“Race has long been an unrecognized, unacknowledged, and ever-present force in our society and systems,” said Emily Cleveland Manchanda, MD, as she began her talk at 12 PM on March 16. Dr. Manchanda was invited by Anand Narayan, MD, PhD, Vice Chair of Equity, and Jade Anderson, MD, a Musculoskeletal Imaging Fellow, to give Grand Rounds on “Getting to Equity: Dismantling Racism in Medicine”.
Dr. Manchanda is an Assistant Professor of Emergency Medicine at Boston University. In addition, she is the Director for Social Justice Education & Implementation of the Center for Health Equity of the American Medical Association (AMA). Her work in research, education, and advocacy focuses on mitigating the effects of racism and other systems of oppression in medical education and clinical care.
Her talk aligns with the Department of Radiology’s commitment to pursuing and promoting equity.
Dr. Manchanda encouraged the audience to reflect on their own role participating – and perpetuating – systems that create inequitable outcomes and opportunities.
“We have to talk about racism,” she continued. “Racism causes real, physical harm on a daily basis.”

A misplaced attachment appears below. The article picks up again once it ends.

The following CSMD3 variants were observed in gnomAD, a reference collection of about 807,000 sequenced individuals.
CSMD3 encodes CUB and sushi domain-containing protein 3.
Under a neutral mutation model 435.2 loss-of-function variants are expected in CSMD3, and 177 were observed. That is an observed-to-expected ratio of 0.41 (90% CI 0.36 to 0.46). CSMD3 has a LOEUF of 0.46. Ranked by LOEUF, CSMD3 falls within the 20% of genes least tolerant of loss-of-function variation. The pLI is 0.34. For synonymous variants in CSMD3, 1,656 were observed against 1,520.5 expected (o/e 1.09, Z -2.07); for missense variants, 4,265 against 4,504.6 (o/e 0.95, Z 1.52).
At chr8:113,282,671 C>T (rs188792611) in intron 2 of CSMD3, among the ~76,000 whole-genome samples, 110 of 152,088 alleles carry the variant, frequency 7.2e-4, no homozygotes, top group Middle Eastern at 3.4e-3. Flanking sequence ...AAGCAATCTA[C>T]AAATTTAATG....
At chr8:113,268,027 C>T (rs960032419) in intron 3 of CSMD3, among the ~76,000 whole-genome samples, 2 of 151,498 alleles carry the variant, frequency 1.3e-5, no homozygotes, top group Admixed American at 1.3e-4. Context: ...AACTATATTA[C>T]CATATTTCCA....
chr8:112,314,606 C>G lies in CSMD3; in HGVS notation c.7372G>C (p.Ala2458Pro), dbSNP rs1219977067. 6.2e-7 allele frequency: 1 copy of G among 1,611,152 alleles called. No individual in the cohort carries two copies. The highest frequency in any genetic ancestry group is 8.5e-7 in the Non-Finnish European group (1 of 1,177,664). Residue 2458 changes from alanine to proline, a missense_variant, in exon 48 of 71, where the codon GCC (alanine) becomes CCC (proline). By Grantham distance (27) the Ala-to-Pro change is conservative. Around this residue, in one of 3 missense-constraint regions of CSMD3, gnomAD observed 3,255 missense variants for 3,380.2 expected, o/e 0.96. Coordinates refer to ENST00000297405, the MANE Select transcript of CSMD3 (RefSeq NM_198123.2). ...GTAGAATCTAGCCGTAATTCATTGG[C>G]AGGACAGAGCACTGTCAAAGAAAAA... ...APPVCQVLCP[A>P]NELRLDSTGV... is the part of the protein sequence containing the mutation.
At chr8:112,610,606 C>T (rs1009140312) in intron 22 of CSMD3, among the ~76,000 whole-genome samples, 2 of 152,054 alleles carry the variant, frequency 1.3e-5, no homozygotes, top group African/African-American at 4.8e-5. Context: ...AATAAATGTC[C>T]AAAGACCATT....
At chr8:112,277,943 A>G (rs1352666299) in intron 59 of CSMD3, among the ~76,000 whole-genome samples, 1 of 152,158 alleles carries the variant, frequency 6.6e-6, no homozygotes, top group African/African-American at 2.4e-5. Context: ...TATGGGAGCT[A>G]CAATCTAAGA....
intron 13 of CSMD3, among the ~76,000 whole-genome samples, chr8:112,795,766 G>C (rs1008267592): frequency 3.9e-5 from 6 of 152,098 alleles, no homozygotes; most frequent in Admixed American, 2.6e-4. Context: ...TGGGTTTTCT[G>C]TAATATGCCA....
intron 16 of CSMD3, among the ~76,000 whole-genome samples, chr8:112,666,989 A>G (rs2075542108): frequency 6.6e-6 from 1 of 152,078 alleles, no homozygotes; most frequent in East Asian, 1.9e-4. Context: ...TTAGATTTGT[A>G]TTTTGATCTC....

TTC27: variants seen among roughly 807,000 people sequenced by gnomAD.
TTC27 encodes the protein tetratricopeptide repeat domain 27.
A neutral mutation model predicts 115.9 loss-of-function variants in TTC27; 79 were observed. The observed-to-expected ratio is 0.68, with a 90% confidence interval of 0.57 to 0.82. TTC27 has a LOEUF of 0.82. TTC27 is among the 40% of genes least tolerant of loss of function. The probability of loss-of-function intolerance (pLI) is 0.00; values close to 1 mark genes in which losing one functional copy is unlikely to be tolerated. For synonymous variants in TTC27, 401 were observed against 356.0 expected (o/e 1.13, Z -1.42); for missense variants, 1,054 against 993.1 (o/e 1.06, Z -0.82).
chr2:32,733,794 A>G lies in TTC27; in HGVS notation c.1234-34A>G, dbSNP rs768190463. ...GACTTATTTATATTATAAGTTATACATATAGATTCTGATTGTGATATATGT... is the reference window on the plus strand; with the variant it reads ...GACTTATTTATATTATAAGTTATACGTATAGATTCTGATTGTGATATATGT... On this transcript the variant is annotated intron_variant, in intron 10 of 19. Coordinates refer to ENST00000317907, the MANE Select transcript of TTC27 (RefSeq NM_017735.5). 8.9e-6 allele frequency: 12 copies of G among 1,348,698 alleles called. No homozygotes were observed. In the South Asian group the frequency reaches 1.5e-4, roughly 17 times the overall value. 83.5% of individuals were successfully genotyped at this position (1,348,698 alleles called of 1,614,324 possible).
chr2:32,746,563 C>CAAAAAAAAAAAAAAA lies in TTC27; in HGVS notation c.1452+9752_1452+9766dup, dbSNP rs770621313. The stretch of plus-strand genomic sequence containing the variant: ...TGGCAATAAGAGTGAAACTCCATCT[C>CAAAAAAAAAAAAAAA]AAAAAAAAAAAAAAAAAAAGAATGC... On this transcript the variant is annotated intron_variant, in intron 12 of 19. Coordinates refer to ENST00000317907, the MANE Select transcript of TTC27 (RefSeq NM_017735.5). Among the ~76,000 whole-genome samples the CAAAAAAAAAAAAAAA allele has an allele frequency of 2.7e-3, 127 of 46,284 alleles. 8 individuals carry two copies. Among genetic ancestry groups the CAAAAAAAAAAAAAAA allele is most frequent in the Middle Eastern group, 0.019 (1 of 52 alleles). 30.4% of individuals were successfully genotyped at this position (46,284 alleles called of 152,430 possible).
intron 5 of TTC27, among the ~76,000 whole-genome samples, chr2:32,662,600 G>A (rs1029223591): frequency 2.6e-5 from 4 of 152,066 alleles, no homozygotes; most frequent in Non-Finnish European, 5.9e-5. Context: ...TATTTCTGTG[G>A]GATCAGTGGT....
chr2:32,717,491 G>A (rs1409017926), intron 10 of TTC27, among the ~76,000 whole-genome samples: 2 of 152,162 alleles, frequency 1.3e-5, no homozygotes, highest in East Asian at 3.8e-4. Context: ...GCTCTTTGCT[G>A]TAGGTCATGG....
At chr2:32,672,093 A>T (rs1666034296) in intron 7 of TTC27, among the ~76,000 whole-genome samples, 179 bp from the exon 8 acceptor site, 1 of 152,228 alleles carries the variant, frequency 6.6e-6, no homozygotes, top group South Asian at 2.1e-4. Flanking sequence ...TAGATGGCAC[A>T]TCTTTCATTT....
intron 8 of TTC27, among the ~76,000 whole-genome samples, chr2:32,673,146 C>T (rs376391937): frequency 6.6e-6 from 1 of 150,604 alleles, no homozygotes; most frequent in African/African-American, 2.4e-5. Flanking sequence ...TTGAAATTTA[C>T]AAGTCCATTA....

Dr. Manchanda emphasized this call to action by presenting both data and personal experiences. She clarified the terms and concepts underlying discussions of racism, such as “privilege,” “white supremacy,” and “intersectionality.” She made it clear that racism is not an abstract issue, but a present – and harmful – reality. The consequences can be especially severe in medicine.
Dr. Manchanda then turned her attention to the manifestations of racism – such as implicit bias – that are most relevant to medicine. “Our unconscious stereotypes can affect how we think and how we act,” she explained. “These are often markedly out-of-sync with how we think, what we believe, and how we want to behave.” People are particularly susceptible to implicit bias while making decisions in high-pressure situations with limited information – a common scenario for many medical professionals.
Gone unchecked, implicit bias can produce racial microaggressions, which are subtle or indirect instances of discrimination. Still, they are no less harmful. “Microaggressions sap the strength of the whole community,” said Dr. Manchanda.
Addressing structural, institutional, and systemic racism – in medicine and beyond – will demand the committed and thoughtful effort of entire communities. Dr. Manchanda’s talk highlighted the importance of this work and the responsibility each individual has in asking themselves about their role within these inequitable systems.
“When we identify racial inequities and address them, it doesn’t just improve care for the people who have been most harmed,” said Dr. Manchanda. “It improves care for everyone.”